They communicate class, personality and taste. The Guinness advertisement shows ostensive communication because of it intends the audience to make personal conclusions. This means that the advertisement achieved in the development of ostensive stimuli.
The aim of ostensive communication is for the communicator to inform the audience about the informative intentions, in addition to the communicative intention (Scott-Philip, 2014). The bubbles caused by the water wave in the Guinness advertisement mimics the bubbles formed when the beer is poured in a glass. Mimicking the bubbles produces contextual assumptions, which leads an audience to make conclusions. In the case of the Carlsberg advertisement, the product is presented in comparison to a banana. The advertisement intends the audience to make a conclusion on whether the beer is the best in the world. This is ostensive because of the intention for the audience to make conclusions based on the product. The advertisement achieved the informative intention because it had an intention of informing the audience about something.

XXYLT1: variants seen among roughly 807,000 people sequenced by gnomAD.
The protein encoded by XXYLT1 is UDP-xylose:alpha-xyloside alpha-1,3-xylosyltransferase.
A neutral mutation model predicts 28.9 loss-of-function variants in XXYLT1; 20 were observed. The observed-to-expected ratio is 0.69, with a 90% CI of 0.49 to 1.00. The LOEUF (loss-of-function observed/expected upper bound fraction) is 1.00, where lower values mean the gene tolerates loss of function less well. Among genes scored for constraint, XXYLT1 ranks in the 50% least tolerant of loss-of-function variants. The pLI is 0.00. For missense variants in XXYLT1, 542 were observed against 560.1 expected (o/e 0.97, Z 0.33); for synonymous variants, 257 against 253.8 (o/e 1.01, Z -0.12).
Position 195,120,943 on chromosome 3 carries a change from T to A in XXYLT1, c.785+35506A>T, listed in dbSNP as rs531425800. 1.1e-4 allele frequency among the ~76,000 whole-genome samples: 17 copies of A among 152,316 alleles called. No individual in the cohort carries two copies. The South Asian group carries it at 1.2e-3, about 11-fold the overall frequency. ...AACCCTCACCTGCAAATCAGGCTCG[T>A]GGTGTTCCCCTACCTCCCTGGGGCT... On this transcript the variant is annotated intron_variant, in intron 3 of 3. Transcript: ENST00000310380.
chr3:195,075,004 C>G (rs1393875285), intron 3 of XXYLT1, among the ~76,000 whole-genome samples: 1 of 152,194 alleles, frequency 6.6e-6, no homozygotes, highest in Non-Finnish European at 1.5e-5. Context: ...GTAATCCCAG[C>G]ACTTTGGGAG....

Ostensive communication is overt because it involves extra layers of communication intentions, which inform an audience about informative intentions. This differs from the covert way of conveying information, which is not manifest. This form of communication requires an individual to draw inferences. Inferences in covert communication are less controllable. This means that the reader is exposed to manipulation (Anisoara, 2008, p. 1). The Guinness advertisement employs covert communication. The consumer is manipulated to think that the beer is unique to other beers. The success of the advertisement is dependent on the audience’s ability to recognize the intentions of the advertiser. Covert communication is based on the tendency of the advertiser to maximize relevance. This increases the possibility to manipulate or predict